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Australian Shepherds V Border Collies

How on earth do you tell an Aussie and a Border apart?! 

Despite being referred to as an Australian Shepherd, the breed was actually developed in the United States. And despite their appearance, the two breeds did evolve separately and are not derived directly from one another although they do share ancestors in the European Collie. The Border collie originated from the Anglo-Scottish border – hence their name, whereas the Aussie is reported to have Spanish or German heritage, which then possibly travelled to America via Australia, which gave birth to their name – although this seems to be just a theory.

The two breeds are a similar height, although the Australian Shepherd is a bit weightier and more robust than the leaner Border Collie. The Border Collies make up for this slight disadvantage by transforming themselves into an rainbow of markings with a much vaster range of coat colours than the Aussie. Despite this, it is not possible to distinguish between the two breeds by coat colour alone, due to a lot of them being the same across both breeds.

Both breeds are “pastoral” which means that they were originally (and still to this day!) used to herd livestock and because of this, the two have a thick double coat for all weathers. However, one main difference between them is their herding style. 

Border Collies are more of a “gatherer” they bring the herd together to form a tight and manageable unit either by instinct or following commands/whistle. Whilst rounding up the flock, they communicate with the group using a “strong-eyed” gaze and crouching to spur them on to move. Border Collies rarely will bark to move the herd which works amazingly with flighty and nervous sheep. 

Australian Shepherds on the other hand are drovers, driving the animals from place to place. They use their body position and proximity to the herd by flanking or pushing the rear of the group towards the desired location. To incite them to move a little faster or more accurately, Aussies are known to use their voice to encourage the group. This works perfectly with the more stubborn and hardheaded cattle that they were designed to work with. This also explains their heavier structure as they needed to be a bit more hardy and intimidating to work alongside cows.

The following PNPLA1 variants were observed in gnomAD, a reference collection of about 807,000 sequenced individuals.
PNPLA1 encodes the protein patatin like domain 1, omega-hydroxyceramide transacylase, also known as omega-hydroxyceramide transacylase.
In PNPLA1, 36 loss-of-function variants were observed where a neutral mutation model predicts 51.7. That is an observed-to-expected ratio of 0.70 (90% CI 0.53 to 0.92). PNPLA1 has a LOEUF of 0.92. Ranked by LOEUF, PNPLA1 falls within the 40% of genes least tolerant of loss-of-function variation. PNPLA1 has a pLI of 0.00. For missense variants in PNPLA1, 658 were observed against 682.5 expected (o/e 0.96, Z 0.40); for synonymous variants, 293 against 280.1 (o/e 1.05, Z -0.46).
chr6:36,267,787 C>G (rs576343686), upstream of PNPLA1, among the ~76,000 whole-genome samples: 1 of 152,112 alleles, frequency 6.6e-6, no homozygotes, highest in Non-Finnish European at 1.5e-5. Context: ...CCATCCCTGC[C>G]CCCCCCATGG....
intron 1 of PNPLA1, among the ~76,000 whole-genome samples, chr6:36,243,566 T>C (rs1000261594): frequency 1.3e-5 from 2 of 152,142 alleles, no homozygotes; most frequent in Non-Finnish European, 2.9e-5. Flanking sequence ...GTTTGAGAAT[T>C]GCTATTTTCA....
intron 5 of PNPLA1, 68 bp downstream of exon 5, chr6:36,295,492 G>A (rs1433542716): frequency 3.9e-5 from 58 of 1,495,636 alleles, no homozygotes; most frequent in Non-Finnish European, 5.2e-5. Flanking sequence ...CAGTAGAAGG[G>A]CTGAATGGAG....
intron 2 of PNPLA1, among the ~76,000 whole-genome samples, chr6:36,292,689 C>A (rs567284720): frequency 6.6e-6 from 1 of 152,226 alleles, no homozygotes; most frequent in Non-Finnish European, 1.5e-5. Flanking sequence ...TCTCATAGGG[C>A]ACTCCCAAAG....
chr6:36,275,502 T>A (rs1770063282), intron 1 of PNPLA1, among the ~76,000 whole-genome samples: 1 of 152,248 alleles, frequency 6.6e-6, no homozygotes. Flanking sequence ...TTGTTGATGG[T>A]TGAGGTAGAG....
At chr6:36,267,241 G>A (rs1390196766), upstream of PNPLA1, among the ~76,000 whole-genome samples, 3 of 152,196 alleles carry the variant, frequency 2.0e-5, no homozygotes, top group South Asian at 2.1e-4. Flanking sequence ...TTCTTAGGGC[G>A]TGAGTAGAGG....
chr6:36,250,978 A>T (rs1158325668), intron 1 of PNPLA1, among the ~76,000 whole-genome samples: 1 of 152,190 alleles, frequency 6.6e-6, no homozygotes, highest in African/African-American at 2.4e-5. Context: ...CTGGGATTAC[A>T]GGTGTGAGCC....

Whilst 1 in 5 Australian Shepherds are born “bob tail” meaning without a tail, this does not mean you’re able to distinguish between the two breeds based on whether they have a tail or not. The breed standard for the Australian Shepherd in countries where docking the tail is legal, allows for this based on what their job originally was. The tail for working dogs is a limb that risks being caught in shrubs, shredded, degloved, injured, or even amputated by a well timed stamp from a cow. So docking occurs close to birth by cattle ranchers to avoid their working dogs getting hurt in the future. Despite most modern Aussies not having a job nowadays, they are sometimes docked for appearance and aesthetics based on the breed standard – however as previously stated, 20% can still be born without a tail. The Border Collie was not known to be docked as the risk within their daily lives was less than that of the Aussie. This is down to firstly, sheep being less of a liability in terms of injuring them, but also their herding style is much further away from the flock, thus reducing the probability of getting hurt.

Another difference is that Border Collies are on the higher end of intelligence compared to Australian Shepherds. They are ranked the highest among all the dog breeds, whereas the Aussies step in at no. 42! And, for training, this does mean that the Border Collies require a lot more mental stimulation – as well as a lot of exercise to keep them busy. Without it, any breed can be known to be obsessive, needy or destructive, but this is exacerbated with the Border Collie. A lot of these amazing dogs do end up in rescues due to this reason. This does however, come hand in hand, with an absolute desire to engage with you. Whether it is agility, obedience, rally, or any kind of competition work, a Border Collie is hands down probably the easiest choice for work ethic and bond. 

Temperament wise, Border Collies have a reputation for being a bit more wary towards strangers, whereas the Australian Shepherd is more outgoing. The Border Collie doesn’t tend to be a very good guard dog, based on the history of the UK and not really having any predators such as wolves, bears, coyotes or big cats – the only predators that would threaten their flock would be either a fox, or another dog. This does mean they are slightly more timid than the Aussie in terms of alerting owners of an intruder, but they would hold their own if need be.

Aussies on the other hand, developing in America would have to handle all of those apex predators and other scavengers – this appears within the breed as a propensity to alarm bark and alert that something is nearby or approaching. Despite this, both breeds make amazing and happy family dogs, who are dedicated, intelligent, hard working and very trainable. They both are protective of their children within the family homes, however due to their high herding instincts, they unfortunately… or fortunately depending on your stance on small children, sometimes do round up the kids when they’re running riot! This also proves to be the same with small animals such as chickens, ducks, geese, turkeys or pigs!